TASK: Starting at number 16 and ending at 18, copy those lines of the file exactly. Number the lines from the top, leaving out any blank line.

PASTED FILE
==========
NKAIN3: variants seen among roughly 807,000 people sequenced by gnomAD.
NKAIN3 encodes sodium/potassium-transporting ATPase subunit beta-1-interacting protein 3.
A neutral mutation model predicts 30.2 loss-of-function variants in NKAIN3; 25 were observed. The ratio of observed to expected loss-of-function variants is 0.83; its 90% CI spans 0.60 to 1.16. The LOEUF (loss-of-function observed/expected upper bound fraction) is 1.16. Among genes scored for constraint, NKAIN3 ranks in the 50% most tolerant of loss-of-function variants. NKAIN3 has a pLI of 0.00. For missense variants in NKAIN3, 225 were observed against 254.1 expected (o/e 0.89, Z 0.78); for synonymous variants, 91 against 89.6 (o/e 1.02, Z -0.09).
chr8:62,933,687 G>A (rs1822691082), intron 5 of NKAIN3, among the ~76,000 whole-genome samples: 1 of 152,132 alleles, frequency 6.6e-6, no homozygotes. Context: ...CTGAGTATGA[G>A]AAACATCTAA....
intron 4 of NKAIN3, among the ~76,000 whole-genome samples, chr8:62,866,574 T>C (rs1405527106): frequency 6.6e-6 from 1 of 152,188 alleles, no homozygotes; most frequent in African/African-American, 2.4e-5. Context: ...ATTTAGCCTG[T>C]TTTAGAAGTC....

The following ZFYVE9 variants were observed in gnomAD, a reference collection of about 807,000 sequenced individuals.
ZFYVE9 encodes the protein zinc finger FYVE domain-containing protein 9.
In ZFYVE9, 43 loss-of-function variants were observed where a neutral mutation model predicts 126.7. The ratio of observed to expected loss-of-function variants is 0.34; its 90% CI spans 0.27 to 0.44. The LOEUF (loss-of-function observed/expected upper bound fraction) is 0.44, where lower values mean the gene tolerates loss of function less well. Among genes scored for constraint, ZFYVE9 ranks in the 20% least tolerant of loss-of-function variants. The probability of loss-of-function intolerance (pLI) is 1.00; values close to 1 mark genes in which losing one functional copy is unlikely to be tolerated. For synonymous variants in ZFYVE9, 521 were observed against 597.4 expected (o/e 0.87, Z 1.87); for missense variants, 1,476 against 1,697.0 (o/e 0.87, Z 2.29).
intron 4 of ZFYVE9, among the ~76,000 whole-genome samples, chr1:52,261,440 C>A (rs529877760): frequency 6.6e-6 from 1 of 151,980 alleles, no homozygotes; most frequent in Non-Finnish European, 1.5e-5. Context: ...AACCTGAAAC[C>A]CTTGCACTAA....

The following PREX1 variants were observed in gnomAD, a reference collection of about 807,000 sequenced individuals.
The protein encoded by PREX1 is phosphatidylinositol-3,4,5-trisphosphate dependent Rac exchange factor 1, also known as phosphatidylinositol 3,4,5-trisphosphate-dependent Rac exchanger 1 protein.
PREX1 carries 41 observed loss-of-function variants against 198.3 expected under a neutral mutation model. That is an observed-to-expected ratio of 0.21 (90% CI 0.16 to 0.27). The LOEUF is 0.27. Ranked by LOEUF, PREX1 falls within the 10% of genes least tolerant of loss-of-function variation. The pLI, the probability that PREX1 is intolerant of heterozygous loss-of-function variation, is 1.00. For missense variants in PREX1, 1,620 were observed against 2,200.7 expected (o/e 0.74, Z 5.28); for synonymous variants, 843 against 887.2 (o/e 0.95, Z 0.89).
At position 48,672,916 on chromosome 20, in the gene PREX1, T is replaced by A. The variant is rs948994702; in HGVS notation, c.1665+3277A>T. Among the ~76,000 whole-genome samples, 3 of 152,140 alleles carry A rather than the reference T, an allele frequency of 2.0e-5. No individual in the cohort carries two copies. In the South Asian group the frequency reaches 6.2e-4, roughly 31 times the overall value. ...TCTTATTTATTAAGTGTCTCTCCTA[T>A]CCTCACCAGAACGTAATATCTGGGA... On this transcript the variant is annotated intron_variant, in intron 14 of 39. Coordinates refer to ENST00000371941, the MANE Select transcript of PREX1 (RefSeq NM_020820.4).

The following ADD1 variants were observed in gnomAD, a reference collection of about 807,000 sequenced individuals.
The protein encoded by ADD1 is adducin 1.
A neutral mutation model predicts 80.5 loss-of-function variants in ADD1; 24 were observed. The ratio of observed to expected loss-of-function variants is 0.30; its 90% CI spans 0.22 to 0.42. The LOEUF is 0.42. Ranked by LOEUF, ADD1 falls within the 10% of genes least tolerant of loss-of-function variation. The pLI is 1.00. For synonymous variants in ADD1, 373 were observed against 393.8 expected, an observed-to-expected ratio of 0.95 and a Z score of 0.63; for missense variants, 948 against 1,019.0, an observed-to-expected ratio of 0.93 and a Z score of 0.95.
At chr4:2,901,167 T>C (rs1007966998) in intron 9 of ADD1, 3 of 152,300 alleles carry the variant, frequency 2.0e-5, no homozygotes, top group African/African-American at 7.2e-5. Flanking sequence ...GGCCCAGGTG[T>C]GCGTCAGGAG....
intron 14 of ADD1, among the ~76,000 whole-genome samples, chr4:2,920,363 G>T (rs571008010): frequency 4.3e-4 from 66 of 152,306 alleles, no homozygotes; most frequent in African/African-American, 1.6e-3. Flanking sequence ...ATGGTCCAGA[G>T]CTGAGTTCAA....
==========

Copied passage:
A neutral mutation model predicts 80.5 loss-of-function variants in ADD1; 24 were observed. The ratio of observed to expected loss-of-function variants is 0.30; its 90% CI spans 0.22 to 0.42. The LOEUF is 0.42. Ranked by LOEUF, ADD1 falls within the 10% of genes least tolerant of loss-of-function variation. The pLI is 1.00. For synonymous variants in ADD1, 373 were observed against 393.8 expected, an observed-to-expected ratio of 0.95 and a Z score of 0.63; for missense variants, 948 against 1,019.0, an observed-to-expected ratio of 0.93 and a Z score of 0.95.
At chr4:2,901,167 T>C (rs1007966998) in intron 9 of ADD1, 3 of 152,300 alleles carry the variant, frequency 2.0e-5, no homozygotes, top group African/African-American at 7.2e-5. Flanking sequence ...GGCCCAGGTG[T>C]GCGTCAGGAG....
intron 14 of ADD1, among the ~76,000 whole-genome samples, chr4:2,920,363 G>T (rs571008010): frequency 4.3e-4 from 66 of 152,306 alleles, no homozygotes; most frequent in African/African-American, 1.6e-3. Flanking sequence ...ATGGTCCAGA[G>T]CTGAGTTCAA....